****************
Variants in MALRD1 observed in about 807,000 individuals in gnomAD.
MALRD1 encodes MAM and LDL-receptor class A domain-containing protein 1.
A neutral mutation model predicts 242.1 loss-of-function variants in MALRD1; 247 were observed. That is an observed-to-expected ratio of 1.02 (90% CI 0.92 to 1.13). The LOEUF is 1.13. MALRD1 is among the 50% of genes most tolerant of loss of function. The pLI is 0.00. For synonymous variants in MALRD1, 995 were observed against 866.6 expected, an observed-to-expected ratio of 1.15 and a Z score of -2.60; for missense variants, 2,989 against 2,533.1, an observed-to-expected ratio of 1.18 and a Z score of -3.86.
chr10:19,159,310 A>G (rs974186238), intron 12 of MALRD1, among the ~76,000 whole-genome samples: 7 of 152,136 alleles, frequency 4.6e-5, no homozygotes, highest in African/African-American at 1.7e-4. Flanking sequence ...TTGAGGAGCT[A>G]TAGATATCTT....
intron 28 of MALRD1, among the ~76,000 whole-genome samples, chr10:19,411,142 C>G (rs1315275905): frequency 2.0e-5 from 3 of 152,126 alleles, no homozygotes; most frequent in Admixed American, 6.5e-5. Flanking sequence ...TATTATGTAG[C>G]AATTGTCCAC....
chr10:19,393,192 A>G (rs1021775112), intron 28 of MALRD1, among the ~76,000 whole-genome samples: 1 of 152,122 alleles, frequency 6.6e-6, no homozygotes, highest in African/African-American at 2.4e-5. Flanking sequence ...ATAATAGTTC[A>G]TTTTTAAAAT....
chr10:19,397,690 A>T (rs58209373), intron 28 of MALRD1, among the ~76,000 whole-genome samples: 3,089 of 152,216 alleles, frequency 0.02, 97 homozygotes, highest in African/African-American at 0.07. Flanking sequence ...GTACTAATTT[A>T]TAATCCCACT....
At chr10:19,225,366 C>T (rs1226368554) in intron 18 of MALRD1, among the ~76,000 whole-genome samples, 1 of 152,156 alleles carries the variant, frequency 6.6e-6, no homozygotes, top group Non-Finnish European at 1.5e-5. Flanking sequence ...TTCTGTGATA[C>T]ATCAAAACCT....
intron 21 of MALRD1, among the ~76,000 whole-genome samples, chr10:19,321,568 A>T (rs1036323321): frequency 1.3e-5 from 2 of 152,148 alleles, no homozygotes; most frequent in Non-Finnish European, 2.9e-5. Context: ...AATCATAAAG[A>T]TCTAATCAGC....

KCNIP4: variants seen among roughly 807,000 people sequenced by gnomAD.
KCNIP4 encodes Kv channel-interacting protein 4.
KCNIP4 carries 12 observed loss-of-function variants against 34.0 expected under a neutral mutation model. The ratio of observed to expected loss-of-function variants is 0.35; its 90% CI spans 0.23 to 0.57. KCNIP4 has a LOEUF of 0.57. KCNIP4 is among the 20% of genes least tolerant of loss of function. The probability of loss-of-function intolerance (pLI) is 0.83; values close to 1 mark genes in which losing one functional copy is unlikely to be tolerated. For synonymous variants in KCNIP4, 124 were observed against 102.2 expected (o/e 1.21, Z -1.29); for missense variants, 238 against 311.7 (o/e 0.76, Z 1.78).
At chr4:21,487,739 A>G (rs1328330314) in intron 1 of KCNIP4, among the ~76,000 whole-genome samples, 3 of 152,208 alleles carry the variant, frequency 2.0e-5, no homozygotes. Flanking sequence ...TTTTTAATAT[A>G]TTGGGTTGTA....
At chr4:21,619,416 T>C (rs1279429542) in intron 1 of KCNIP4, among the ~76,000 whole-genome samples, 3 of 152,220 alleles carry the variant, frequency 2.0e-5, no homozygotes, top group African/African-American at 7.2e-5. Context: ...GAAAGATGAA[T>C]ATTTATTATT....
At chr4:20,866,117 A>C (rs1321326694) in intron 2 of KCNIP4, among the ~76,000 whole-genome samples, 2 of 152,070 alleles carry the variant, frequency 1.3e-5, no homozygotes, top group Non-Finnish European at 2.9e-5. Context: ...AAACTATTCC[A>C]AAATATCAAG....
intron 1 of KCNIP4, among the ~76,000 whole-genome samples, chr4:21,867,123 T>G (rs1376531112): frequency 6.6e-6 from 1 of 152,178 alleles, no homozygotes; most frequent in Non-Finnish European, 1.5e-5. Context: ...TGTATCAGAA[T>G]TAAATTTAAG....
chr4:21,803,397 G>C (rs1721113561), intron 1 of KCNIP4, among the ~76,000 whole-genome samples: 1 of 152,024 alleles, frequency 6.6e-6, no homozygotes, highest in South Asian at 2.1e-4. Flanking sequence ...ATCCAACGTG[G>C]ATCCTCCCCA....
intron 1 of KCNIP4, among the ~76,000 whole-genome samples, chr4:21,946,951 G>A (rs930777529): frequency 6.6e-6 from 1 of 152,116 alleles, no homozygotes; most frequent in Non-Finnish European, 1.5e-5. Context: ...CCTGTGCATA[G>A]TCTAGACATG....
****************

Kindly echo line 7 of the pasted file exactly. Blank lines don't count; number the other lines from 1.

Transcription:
chr10:19,397,690 A>T (rs58209373), intron 28 of MALRD1, among the ~76,000 whole-genome samples: 3,089 of 152,216 alleles, frequency 0.02, 97 homozygotes, highest in African/African-American at 0.07. Flanking sequence ...GTACTAATTT[A>T]TAATCCCACT....